The specimens Nos. 2, 3, 5, 22, and 23 contain sufficient iron to render them available as iron ores, provided they occur in large quantity. The copper present in No. 21a is too small in amount to render it available as a source of that metal [Footnote: Analyses of copper ore from Midian at the Citadel, Cairo, gave in certain cases forty percent.]. If it is practicable on a large scale, by hand-labour or other means, to separate the “copper mineral” (as in b), it would be sufficiently rich in copper, provided the cost of the transit were not too great.
The specimen No. 17 is only of scientific interest, as it gives off an acid vapour when heated; and this substance may have been used by the ancients in the separation of silver from gold by the process termed “cementation.”
I remain, dear Sir, yours very truly,
(Signed) JOHN PERCY, M.D., F.R.S. Lecturer on Metallurgy at the Royal School of Mines, London.
Capt. R. F. Burton, etc.
Upon this able report I would offer the following observations. We, who have travelled through a country like Midian, finding everywhere extensive works for metallurgy; barrages and aqueducts, cisterns and tanks; furnaces, fire-bricks, and scoriae; open mines, and huge scatters of spalled quartz, with the remains of some eighteen cities and towns which apparently fell to ruin with the industry that founded and fed them; — we, I say, cannot but form a different and a far higher idea of its mineral capabilities than those who determine them by the simple inspection of a few specimens. The learned Dr. Percy at once hits the mark when he surmises that worthless samples were brought home; and this would necessarily occur when no metallurgist, no practical prospector, was present with the Expedition. As will appear from the following pages, all the specimens were collected a ciel ouvert, and wholly without judgment.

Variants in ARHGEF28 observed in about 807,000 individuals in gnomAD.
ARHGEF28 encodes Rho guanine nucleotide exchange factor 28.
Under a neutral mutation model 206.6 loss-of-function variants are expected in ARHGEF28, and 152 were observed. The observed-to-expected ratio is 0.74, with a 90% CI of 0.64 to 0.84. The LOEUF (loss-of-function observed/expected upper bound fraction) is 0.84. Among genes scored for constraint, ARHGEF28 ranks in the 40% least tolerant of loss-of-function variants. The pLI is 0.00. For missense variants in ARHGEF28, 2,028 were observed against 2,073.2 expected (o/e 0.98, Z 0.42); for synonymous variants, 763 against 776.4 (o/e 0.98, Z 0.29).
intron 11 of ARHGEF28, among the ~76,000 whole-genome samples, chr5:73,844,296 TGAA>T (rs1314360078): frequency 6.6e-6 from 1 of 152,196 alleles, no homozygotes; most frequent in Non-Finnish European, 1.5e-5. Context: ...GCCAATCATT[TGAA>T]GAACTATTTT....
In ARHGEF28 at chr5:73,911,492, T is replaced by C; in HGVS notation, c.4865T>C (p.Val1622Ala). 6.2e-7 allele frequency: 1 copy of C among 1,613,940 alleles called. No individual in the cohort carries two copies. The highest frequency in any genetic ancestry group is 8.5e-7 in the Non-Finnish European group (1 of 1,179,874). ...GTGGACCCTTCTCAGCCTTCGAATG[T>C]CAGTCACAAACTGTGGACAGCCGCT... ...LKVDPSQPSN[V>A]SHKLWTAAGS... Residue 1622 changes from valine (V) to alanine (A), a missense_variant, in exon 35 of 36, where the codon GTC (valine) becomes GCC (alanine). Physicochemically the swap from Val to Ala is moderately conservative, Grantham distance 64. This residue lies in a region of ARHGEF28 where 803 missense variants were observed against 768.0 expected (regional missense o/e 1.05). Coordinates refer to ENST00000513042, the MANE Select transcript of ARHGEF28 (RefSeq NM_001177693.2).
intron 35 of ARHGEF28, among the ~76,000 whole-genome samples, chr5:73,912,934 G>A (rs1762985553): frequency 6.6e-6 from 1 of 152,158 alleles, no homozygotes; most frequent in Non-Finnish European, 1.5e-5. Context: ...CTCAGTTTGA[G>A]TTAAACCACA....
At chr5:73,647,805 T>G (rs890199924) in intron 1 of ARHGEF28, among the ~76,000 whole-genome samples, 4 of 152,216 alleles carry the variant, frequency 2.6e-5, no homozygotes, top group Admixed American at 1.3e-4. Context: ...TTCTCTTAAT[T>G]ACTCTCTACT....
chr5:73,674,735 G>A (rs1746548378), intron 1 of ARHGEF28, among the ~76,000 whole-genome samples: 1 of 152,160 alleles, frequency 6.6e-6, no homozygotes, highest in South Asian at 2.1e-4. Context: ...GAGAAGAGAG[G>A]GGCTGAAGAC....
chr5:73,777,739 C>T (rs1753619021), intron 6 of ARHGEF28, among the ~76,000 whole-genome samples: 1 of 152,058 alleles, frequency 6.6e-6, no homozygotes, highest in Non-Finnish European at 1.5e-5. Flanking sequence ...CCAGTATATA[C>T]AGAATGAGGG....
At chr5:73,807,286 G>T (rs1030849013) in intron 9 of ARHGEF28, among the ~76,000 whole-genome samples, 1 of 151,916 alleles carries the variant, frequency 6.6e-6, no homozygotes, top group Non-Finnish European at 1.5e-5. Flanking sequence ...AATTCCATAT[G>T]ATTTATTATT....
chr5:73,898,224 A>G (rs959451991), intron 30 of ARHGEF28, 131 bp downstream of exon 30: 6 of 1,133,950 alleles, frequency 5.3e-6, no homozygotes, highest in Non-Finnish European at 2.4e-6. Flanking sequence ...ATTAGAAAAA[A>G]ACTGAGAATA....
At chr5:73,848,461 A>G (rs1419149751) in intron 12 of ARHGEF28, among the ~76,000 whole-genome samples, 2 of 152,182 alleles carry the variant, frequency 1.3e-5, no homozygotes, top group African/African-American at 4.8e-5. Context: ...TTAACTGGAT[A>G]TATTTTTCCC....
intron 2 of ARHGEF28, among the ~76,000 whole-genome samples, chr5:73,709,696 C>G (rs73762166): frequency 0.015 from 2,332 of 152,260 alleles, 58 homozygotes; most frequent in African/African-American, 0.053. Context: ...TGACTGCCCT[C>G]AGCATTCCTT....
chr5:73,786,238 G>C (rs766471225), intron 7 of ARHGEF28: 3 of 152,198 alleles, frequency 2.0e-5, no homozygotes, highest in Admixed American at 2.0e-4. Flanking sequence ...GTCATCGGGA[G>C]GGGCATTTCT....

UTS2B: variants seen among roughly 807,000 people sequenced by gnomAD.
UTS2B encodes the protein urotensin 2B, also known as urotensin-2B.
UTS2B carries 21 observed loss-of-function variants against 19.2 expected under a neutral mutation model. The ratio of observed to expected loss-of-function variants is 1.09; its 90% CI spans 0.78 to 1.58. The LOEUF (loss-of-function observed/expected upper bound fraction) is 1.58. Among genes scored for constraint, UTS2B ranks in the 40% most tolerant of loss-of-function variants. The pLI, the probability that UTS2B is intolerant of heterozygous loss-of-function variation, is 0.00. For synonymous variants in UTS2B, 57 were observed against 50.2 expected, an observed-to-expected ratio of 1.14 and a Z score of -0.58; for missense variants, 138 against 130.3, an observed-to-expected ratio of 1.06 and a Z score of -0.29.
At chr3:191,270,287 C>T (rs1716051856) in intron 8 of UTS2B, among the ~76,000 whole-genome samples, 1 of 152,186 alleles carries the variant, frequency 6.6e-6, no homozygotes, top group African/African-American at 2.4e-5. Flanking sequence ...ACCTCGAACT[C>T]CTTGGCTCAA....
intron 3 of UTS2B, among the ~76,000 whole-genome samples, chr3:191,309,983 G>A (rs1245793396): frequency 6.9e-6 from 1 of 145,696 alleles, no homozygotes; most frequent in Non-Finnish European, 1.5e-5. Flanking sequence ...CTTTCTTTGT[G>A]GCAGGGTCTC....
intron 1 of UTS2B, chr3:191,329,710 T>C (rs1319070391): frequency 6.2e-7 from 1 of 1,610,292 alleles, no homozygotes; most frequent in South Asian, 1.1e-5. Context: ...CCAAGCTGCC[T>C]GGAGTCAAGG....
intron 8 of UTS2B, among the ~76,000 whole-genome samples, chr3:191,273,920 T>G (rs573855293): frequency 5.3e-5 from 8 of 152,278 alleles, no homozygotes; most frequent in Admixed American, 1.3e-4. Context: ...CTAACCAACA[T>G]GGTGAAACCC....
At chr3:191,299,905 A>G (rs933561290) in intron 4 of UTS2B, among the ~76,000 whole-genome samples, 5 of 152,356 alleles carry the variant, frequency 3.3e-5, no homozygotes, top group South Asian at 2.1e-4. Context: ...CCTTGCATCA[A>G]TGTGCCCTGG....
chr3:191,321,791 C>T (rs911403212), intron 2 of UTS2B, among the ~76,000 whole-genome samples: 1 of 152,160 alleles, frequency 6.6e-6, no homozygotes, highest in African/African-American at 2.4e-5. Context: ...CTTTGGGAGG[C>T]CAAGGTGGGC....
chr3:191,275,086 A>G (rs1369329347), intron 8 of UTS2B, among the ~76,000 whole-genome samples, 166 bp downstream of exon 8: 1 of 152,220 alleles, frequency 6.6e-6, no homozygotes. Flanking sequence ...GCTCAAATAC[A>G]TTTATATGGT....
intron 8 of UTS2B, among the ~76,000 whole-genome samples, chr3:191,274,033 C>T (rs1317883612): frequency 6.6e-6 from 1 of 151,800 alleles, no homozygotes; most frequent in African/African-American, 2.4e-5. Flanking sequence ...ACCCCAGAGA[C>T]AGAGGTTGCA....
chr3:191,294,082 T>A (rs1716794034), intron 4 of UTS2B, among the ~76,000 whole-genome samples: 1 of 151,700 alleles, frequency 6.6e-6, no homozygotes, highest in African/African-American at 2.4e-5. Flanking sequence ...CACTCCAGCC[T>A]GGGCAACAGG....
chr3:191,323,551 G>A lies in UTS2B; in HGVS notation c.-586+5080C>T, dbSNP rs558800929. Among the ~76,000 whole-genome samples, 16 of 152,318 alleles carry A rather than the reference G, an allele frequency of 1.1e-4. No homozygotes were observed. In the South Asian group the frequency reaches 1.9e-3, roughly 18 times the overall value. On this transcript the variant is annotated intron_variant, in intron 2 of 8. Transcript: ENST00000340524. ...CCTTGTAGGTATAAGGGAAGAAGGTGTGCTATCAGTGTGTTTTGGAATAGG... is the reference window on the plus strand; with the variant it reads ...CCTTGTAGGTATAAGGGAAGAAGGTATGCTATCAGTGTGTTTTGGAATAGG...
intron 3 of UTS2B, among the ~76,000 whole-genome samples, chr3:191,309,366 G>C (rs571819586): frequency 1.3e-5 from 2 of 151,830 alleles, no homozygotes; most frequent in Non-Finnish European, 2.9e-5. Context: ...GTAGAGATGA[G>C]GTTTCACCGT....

I therefore expect that future exploration will develop Midian as it has done India. The quartzose outcrop called the “Wynaad reef” (Madras Presidency) produced only a few poor penny-weights per ton, two and seven being the extremes, while much of it was practically unproductive. Presently, in February, 1878, the district was visited by Sir Andrew Clarke, of Australian experience, member of the Viceregal Council. He invited Mr. Brough Smyth, of Victoria, to explore and test the capabilities of the country; and that eminent practical engineer discovered, in an area of twenty-five by thirteen miles, ninety outcrops, some yielding, they say, two hundred ounces per ton of gold, fine and coarse, “with jagged pieces as large as peas.” And British India now hopes to draw her gold coinage from Wynaad.
I conclude this abstract of the book, which would have been reduced in size had the mass of matter permitted, with the heartfelt hope that the grand old Land of Midian will not be without attraction to the public of Europe.
RICHARD F. BURTON.
1 My collection dates from between the first century B.C. and the first century A.D.; this can be gathered from comparison with the coins of Alexander Jannaeus and his successor, Alexander II. The tetradrachm may belong to the reign of Alexander the Great, or the ages preceding it.
2 Here probably disappeared some fine specimens of silicate of copper which caused a delay of three months in the report. — R. F. B.
3 Messrs. Edgar Jackson found in the same box:—
Silver (per statute ton). . . . . . . . . . . . . . . 2 oz. 17 dwts. 11 grs.
4 “Box No. 37” yielded silver. . . . 13 dwts. 1.6 grs.
5 “Box. No. 47” yielded silver . . . 12 dwts. 1.6 grms.
6 In boxes Nos. 48 and 51 Mr. Jenken found silver 2 oz. 13 dwts. 8 grs.; and 4 oz. 5 dwts. 12 grms.
7 In a fragment of similar “turquoise rock,” from the same site (Ziba), Dr. L. Karl Moser, of Trieste, found silver.
8 In a fragment of similar chalcedony, from the same site (Aba’l-Maru), Dr. Moser found specks of “free gold.”
9 This was the “splendid button” smelted at Makna.
10 The “button” was pronounced to be almost pure antimony in the Government Establishment of Mines, Trieste.
11 In “box No. 4” Messrs. Jackson found rough crystals of corundum; and a qualitative analysis of this sample and “box No. 7” yielded quartz, carbonate of lime, alumina, and oxide of iron.
12 The italics are mine. Mr. Mathey remarks of the specimen containing 48 grains of gold per ton, “It would be worthless in its present condition; if however, it could be enriched by proper washing and dressing, and the cost in labour, etc., be not too great, it might be made to give fair returns.”